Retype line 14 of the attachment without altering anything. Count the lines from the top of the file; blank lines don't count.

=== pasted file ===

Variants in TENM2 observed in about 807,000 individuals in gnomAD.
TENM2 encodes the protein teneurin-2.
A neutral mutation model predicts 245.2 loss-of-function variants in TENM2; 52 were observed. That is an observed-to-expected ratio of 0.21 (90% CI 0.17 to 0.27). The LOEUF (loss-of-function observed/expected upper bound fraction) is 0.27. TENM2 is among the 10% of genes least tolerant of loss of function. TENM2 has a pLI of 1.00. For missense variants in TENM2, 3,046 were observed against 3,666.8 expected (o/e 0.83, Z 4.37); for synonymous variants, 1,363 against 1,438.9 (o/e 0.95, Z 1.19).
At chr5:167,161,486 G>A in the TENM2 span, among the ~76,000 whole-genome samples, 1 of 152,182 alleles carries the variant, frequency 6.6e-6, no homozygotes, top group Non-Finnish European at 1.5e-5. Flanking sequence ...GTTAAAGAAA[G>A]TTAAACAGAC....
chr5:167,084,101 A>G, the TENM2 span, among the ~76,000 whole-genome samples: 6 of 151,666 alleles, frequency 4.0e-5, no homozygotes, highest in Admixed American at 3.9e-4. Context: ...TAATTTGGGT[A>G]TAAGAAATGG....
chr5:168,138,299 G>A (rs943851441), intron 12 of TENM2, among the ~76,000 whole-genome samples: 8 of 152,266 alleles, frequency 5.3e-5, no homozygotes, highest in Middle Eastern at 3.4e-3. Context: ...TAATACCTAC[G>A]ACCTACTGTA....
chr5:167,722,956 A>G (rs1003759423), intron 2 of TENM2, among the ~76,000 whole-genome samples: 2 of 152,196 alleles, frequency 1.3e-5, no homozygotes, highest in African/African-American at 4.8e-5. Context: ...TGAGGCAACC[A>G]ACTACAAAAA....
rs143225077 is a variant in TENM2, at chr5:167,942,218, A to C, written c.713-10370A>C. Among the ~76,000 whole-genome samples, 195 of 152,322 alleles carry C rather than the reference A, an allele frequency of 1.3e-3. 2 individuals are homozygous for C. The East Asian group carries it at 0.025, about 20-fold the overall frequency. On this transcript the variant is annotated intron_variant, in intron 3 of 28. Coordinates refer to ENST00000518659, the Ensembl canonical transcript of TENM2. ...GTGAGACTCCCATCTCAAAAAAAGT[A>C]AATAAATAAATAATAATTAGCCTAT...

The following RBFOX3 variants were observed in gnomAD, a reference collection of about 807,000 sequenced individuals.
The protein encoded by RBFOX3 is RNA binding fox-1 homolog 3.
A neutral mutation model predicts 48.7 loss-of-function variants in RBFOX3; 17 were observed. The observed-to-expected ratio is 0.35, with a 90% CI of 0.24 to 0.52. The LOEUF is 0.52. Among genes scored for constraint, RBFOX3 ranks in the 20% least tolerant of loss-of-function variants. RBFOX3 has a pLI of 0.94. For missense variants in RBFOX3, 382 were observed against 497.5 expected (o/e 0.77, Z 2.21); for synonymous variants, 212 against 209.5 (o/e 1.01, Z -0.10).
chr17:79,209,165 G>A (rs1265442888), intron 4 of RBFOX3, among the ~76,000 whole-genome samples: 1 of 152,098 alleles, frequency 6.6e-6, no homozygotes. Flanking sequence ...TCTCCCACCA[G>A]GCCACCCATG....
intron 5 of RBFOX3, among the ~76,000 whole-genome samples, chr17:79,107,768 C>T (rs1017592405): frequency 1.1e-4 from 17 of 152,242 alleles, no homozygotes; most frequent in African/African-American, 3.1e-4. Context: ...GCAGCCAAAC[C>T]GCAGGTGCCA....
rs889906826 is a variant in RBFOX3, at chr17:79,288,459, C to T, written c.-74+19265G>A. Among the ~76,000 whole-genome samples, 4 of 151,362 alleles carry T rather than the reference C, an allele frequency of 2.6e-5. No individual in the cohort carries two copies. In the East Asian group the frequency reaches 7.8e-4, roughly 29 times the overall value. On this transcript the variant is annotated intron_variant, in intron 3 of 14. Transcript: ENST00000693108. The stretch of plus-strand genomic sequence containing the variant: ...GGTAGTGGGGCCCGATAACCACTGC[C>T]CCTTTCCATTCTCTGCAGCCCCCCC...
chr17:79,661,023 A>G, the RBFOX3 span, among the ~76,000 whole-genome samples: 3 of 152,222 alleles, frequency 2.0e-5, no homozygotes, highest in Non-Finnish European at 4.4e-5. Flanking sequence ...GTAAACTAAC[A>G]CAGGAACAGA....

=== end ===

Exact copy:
rs889906826 is a variant in RBFOX3, at chr17:79,288,459, C to T, written c.-74+19265G>A. Among the ~76,000 whole-genome samples, 4 of 151,362 alleles carry T rather than the reference C, an allele frequency of 2.6e-5. No individual in the cohort carries two copies. In the East Asian group the frequency reaches 7.8e-4, roughly 29 times the overall value. On this transcript the variant is annotated intron_variant, in intron 3 of 14. Transcript: ENST00000693108. The stretch of plus-strand genomic sequence containing the variant: ...GGTAGTGGGGCCCGATAACCACTGC[C>T]CCTTTCCATTCTCTGCAGCCCCCCC...